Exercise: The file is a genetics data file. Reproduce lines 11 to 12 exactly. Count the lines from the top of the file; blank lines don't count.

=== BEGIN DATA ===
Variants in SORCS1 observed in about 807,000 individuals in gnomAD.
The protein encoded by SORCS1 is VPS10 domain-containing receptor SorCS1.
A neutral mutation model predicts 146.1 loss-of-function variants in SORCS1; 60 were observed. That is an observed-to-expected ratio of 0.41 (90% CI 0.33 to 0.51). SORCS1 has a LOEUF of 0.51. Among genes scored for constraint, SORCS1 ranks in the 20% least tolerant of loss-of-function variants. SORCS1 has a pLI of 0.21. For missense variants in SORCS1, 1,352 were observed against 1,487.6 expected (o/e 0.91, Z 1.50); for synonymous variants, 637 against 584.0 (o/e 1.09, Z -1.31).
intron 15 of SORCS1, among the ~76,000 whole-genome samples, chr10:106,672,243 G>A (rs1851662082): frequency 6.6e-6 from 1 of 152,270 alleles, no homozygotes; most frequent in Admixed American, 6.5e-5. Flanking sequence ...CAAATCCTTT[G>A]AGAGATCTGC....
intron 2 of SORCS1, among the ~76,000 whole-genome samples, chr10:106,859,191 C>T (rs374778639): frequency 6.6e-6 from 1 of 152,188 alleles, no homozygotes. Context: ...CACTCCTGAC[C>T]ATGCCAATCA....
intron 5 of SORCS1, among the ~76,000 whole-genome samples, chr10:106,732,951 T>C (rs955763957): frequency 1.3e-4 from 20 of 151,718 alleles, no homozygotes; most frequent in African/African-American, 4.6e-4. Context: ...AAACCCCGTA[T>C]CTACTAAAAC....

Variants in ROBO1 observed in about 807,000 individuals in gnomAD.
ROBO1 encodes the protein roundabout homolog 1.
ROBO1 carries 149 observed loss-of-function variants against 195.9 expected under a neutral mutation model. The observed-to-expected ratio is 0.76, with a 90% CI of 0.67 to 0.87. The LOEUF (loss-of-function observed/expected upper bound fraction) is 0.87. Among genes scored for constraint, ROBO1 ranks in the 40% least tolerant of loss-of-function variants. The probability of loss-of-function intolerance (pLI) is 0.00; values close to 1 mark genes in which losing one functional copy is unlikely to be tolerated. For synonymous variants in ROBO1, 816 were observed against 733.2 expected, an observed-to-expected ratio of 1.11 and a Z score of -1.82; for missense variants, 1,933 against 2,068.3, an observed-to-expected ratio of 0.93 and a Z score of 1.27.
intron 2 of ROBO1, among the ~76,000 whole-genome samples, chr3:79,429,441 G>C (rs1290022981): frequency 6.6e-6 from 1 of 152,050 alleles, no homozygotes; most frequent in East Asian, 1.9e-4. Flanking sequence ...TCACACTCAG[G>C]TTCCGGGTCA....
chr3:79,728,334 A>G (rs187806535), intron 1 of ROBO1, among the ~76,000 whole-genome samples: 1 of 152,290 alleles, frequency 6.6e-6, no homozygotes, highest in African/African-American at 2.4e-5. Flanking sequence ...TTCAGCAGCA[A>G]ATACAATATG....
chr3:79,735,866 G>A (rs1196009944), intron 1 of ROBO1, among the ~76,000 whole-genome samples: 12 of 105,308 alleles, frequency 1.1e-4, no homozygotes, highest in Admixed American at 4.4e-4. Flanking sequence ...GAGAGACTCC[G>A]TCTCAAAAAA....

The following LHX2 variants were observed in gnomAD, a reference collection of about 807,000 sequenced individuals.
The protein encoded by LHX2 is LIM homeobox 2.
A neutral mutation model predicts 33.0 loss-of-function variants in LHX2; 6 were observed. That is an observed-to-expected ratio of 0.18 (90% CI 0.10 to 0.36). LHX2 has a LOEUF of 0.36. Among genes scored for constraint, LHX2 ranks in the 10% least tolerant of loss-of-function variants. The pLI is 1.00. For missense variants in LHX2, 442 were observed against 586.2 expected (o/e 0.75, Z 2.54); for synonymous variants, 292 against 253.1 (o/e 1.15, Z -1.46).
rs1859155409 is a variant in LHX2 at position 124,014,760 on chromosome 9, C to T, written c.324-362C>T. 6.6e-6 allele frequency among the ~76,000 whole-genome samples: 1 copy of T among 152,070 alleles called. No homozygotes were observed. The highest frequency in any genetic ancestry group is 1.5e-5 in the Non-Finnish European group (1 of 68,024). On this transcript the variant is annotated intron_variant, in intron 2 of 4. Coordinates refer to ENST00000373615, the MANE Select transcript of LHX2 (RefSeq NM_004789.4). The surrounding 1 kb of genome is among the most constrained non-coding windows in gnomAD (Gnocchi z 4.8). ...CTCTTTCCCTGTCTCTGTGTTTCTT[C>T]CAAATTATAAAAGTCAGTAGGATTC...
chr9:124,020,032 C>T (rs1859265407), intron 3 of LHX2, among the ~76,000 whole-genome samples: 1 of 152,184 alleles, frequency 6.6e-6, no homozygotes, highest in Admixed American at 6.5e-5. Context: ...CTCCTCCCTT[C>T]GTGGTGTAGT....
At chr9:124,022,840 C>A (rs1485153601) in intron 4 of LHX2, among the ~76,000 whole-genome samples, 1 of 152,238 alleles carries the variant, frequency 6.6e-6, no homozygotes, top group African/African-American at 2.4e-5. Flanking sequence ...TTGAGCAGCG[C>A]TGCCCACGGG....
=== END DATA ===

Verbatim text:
chr3:79,728,334 A>G (rs187806535), intron 1 of ROBO1, among the ~76,000 whole-genome samples: 1 of 152,290 alleles, frequency 6.6e-6, no homozygotes, highest in African/African-American at 2.4e-5. Flanking sequence ...TTCAGCAGCA[A>G]ATACAATATG....
chr3:79,735,866 G>A (rs1196009944), intron 1 of ROBO1, among the ~76,000 whole-genome samples: 12 of 105,308 alleles, frequency 1.1e-4, no homozygotes, highest in Admixed American at 4.4e-4. Flanking sequence ...GAGAGACTCC[G>A]TCTCAAAAAA....